LONDON (Reuters) - Anyone tempted to pick on a headscarf-wearing Muslim woman better hope they don’t run into a Ninjabi.
Every week around 30 Muslim women, most wearing veils, gather in a community centre in east London to learn how to block, knee and punch would-be attackers or lecherous men targeting passive-looking victims.
The organisers, who named the classes after Japanese Ninja warriors and women who wear the hijab, say Muslim women are looking to fight back against unwanted advances and a rising number of anti-Muslim attacks.
“The ladies love the Ninjabi thing. It gives them a good giggle,” said class instructor Dee Terry, who is not a Muslim herself.
One of the attendees, 31-year-old mother Mahmuda Mazid, said she took up the classes after a gang of youths tried to rob her teenage brother while she was with him in a local park.
“There was this sheer feeling of helplessness that I couldn’t help myself or my brother... and there was absolute rage,” she said. “I knew I had to do something to equip myself.
“In the classes I saw protection and self defence. That’s what I needed.”
The classes start with a warm-up and then the women — no men are allowed — practise punches, strikes using the heel of the hand, knee strikes to the groin and defences against knives and sticks. Terry also teaches the women how to deter potential attackers by looking assertive.
The loose full-length clothing favoured by Muslim women rules out high-kicking manoeuvres but does not otherwise hinder movement, says Terry.
The Hijab and the Niqab — which covers the face and leaves only the eyes visible — clearly identify Muslim women, increasing their chances of becoming victims of anti-Muslim hostility. But Terry says Islamic clothing itself does not make it easier to attack a woman.
“An attacker can pull your headscarf but they can also pull your hair, so Islamic clothes don’t make that much of a difference,” added Terry, who also teaches Judo, Jujitsu and Kickboxing.
In the dilapidated area where the classes are held, Muslim women said their biggest worry was harassment from “pervy men” and the violent anti-social behaviour of teenagers from urban low-income communities, popularly called “hoodies” and “chavs”.
In other areas of London, Muslim women said growing hostility towards Muslims — commonly called Islamophobia — since London’s July 7th bombings in 2005 was a big fear.
Attacks on Muslims in London nearly quadrupled in the days after the July attacks. Figures collated by London’s Metropolitan Police, and presented in a report by the Muslim Safety Forum, showed 303 attacks in July 2005, up from 82 in the previous month.
Azad Ali, chairman of the forum, said the attacks ranged from verbal abuse and vandalism of mosques to physical attacks. But because of limitations in the way attacks are reported, the real number is likely to be far higher, he added.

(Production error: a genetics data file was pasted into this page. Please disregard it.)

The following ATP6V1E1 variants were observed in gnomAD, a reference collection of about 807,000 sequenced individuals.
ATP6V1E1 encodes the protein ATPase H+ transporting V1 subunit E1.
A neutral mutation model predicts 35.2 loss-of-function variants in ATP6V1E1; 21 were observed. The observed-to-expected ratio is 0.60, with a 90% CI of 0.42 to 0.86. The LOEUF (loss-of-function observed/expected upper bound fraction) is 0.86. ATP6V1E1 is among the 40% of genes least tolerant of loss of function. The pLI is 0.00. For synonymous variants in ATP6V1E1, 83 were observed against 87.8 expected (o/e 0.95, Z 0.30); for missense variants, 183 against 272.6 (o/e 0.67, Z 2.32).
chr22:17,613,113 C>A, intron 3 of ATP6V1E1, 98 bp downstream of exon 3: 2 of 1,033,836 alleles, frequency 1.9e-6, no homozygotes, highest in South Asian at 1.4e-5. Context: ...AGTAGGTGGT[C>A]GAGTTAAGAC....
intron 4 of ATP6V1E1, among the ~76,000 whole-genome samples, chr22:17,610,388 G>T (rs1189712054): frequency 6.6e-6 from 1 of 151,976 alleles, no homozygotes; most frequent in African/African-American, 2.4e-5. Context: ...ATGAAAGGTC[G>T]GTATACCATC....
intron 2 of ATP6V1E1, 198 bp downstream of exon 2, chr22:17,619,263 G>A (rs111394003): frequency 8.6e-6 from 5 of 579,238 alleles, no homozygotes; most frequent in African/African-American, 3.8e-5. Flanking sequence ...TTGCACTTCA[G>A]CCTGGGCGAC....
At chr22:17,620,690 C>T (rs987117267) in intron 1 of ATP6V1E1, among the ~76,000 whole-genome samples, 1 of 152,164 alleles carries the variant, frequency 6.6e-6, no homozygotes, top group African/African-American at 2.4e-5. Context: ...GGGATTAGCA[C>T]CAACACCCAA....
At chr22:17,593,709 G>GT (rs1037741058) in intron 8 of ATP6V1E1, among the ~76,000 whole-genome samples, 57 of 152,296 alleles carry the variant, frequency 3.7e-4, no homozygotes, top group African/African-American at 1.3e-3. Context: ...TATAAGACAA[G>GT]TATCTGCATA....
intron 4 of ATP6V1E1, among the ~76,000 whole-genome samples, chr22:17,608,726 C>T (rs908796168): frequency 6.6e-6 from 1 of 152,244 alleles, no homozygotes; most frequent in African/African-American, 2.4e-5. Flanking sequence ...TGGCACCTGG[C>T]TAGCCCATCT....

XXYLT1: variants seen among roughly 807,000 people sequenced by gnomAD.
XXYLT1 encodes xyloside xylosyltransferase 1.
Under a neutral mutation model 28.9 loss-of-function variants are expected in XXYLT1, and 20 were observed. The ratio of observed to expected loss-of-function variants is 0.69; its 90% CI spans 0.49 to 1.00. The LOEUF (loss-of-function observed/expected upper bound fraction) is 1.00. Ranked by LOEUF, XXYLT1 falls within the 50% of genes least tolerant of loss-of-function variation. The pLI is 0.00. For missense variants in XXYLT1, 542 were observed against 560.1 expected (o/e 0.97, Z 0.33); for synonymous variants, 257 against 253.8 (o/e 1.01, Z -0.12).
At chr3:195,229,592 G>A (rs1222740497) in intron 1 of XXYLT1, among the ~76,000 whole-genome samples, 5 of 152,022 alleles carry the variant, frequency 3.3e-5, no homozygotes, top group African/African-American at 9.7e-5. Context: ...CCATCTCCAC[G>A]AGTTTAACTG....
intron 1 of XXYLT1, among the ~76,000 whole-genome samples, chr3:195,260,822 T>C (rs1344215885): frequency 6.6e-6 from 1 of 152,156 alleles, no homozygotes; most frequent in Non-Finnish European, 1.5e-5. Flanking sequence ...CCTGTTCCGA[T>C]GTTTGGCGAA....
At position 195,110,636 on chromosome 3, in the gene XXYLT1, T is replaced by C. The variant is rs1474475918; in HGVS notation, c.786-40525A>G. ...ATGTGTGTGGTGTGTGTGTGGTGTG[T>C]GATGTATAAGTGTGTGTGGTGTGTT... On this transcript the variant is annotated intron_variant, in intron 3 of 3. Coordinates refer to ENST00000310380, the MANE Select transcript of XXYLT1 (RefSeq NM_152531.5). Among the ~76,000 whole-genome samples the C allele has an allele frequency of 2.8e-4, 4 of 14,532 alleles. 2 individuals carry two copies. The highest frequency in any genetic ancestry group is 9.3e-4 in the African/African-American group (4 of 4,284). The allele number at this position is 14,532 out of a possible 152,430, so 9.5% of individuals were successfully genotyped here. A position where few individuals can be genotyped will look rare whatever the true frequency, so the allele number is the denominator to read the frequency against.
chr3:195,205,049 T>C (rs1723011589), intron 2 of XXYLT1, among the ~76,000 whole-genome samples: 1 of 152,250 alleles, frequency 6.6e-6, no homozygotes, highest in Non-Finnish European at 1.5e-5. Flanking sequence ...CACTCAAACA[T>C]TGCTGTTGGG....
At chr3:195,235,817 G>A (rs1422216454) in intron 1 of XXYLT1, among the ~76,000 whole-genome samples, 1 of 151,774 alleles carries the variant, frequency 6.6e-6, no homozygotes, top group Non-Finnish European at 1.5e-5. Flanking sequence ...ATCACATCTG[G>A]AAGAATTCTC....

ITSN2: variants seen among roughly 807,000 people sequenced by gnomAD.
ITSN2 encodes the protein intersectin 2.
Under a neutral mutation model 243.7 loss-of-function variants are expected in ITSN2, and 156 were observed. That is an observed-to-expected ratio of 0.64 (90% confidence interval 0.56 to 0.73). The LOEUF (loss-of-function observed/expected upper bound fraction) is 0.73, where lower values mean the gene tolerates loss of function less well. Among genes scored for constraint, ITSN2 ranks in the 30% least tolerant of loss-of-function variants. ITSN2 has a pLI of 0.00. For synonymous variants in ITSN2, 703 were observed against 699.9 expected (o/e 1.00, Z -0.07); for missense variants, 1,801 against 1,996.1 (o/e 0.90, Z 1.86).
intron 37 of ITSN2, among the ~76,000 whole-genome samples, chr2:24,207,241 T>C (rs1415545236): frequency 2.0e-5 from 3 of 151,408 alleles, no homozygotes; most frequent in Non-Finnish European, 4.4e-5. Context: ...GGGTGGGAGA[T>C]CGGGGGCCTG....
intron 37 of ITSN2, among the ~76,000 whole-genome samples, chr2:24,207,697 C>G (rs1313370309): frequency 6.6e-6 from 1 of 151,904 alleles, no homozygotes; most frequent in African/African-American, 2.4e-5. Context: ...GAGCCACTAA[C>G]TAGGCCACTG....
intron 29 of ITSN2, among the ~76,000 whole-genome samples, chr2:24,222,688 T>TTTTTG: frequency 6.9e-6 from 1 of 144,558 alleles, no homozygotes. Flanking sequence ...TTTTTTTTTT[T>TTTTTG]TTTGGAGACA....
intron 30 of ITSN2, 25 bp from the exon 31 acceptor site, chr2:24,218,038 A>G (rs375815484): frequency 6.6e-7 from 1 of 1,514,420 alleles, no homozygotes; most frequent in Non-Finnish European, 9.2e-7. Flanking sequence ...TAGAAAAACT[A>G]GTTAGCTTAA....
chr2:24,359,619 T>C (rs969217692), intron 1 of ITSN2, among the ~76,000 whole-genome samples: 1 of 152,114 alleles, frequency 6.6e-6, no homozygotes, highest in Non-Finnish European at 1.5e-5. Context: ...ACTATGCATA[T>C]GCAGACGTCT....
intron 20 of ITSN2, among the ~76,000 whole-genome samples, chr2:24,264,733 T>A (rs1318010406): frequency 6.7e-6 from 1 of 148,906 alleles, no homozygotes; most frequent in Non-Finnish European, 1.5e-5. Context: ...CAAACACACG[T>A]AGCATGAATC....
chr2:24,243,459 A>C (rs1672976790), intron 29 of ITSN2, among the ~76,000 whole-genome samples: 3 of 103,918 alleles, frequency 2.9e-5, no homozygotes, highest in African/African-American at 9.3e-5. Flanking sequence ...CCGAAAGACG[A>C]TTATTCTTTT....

National figures are lacking because there are no universally agreed criteria among the country’s police forces for what constitutes an Islamophobic attack, said Ali.
Muslims, who make up about 3 percent of Britain’s population, also do not readily report attacks.
An initiative by London’s police to engage with Muslim women found many did not report attacks because they felt the police would not act. Others had limited English and were unable to register complaints without help.
“The issue of reporting crime... was a major concern amongst certain (Muslim) communities,” the police said in a report on meetings with Muslim women.
“This may lead to disenchantment with the process and eventual disengagement from the police and justice system,” the police added in the report.
Official figures cite London as having the largest proportion of Muslims in the UK at 3.8 percent. The Ninjabi classes are held in the Newham area of the capital, where Muslims make up 24 percent of local inhabitants.
The organisers said the classes were a response to overwhelming demand from Muslim women.
“It was a need. Women were coming and asking for self- defence classes. We had heard of increasing Islamophobia and other sorts of attacks on Muslim women,” said Mizan Raja, a coordinator of Islamic Circles, the organisation running the classes.
The organisers say although similar self-defence classes are common the light-hearted approach which respects the women’s faith has made the Ninjabi classes massively popular.
“We could fill a class a day. It’s totally oversubscribed,” said Raja.
The organisers plan to split the class according to experience, using names inspired by 1970s Hong Kong films starring martial arts legend Bruce Lee.
The beginners’ level will be called “Enter the Ninjabi”, the next will be “Return of the Ninjabi”, then “Way of the Ninjabi”. The organisers also plan to expand the Ninjabi concept.
“It’s about empowering Muslim women... We could do it throughout the country,” Raja added.